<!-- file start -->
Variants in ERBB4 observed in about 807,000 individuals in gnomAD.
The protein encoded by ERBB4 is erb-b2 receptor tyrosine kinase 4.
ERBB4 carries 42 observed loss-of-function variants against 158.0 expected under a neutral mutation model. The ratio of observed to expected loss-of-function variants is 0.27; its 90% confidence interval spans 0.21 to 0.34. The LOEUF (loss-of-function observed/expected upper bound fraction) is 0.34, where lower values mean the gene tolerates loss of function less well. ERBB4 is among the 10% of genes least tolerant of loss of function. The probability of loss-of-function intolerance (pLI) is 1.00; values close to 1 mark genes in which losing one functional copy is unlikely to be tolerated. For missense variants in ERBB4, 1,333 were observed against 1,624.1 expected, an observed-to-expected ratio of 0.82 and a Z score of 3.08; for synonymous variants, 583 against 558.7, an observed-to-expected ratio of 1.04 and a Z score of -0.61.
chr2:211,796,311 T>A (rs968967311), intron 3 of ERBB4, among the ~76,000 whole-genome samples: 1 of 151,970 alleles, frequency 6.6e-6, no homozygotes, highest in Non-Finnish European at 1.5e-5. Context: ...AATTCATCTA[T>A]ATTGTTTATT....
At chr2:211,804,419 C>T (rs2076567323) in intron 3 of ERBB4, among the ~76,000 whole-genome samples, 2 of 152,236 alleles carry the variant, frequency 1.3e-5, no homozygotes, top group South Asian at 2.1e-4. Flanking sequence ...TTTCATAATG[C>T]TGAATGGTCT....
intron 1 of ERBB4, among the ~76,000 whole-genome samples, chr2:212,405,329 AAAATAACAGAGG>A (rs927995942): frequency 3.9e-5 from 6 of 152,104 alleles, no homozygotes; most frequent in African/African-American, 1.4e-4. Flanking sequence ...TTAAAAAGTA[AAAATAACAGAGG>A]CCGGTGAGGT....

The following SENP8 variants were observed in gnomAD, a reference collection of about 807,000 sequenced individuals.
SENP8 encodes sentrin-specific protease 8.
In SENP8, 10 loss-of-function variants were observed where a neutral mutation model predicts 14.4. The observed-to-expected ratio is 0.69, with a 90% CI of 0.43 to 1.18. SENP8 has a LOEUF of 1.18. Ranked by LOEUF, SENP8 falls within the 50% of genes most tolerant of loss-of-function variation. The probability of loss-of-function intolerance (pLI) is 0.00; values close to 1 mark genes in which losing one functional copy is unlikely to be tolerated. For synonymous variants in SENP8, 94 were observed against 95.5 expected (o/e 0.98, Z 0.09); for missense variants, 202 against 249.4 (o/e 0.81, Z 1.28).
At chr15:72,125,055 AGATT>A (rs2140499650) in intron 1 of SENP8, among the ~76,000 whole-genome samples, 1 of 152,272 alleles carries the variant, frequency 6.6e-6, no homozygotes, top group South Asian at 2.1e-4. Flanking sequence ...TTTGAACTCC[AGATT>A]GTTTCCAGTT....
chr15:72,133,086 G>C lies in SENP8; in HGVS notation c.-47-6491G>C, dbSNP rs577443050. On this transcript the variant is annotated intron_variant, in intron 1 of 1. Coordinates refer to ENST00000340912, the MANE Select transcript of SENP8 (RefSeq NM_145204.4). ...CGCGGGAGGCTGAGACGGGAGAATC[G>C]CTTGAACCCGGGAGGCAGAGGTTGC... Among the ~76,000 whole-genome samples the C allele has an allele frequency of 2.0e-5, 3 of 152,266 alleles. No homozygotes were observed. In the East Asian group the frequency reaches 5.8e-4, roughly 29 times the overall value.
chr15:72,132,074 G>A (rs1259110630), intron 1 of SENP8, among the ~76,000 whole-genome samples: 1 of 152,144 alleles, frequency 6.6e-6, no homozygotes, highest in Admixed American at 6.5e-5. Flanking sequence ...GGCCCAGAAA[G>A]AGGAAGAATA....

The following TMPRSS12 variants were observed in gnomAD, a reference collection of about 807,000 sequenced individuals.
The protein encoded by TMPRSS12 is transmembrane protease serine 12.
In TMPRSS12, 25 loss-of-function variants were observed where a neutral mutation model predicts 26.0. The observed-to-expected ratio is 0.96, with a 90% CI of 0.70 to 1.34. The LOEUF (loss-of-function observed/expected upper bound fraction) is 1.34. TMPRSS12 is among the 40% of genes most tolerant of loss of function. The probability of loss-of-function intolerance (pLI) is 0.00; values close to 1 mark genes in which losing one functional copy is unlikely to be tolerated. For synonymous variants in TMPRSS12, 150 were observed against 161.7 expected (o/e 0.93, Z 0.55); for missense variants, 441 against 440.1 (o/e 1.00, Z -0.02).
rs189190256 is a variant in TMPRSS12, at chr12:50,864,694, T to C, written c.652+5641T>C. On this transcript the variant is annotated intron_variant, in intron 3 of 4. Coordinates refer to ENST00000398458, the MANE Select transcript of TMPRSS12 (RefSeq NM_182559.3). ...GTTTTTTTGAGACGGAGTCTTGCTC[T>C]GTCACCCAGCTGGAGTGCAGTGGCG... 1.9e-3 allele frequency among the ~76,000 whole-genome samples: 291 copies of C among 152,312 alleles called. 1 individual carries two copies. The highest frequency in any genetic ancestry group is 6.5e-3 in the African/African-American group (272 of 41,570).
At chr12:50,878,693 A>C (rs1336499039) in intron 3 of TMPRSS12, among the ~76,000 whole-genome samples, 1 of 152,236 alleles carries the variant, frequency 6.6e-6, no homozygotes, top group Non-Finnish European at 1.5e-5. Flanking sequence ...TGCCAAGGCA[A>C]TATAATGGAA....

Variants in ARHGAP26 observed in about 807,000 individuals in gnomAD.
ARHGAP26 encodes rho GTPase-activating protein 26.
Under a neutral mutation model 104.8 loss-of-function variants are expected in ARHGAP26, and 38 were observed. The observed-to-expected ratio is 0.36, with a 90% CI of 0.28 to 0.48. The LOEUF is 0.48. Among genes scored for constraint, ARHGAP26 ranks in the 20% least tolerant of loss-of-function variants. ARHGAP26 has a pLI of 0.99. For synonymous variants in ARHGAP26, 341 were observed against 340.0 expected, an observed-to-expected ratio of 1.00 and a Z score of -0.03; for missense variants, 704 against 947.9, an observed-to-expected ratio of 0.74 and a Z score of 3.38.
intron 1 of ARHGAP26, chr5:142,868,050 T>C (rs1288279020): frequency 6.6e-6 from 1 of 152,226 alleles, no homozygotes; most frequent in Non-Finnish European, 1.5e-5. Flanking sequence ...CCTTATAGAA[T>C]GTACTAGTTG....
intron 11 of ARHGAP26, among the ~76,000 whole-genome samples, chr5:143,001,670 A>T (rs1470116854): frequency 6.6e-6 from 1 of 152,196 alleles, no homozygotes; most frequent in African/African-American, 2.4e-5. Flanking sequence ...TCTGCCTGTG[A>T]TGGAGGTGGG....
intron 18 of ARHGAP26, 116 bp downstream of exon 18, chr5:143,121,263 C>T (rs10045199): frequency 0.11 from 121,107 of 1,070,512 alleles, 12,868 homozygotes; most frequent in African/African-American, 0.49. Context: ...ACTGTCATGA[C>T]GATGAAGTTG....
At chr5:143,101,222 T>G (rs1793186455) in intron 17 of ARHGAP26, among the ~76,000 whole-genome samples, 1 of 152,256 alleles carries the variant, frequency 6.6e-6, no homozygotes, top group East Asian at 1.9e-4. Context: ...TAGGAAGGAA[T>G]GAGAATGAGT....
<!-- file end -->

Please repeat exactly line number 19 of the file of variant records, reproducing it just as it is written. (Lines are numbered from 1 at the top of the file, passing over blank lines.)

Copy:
ARHGAP26 encodes rho GTPase-activating protein 26.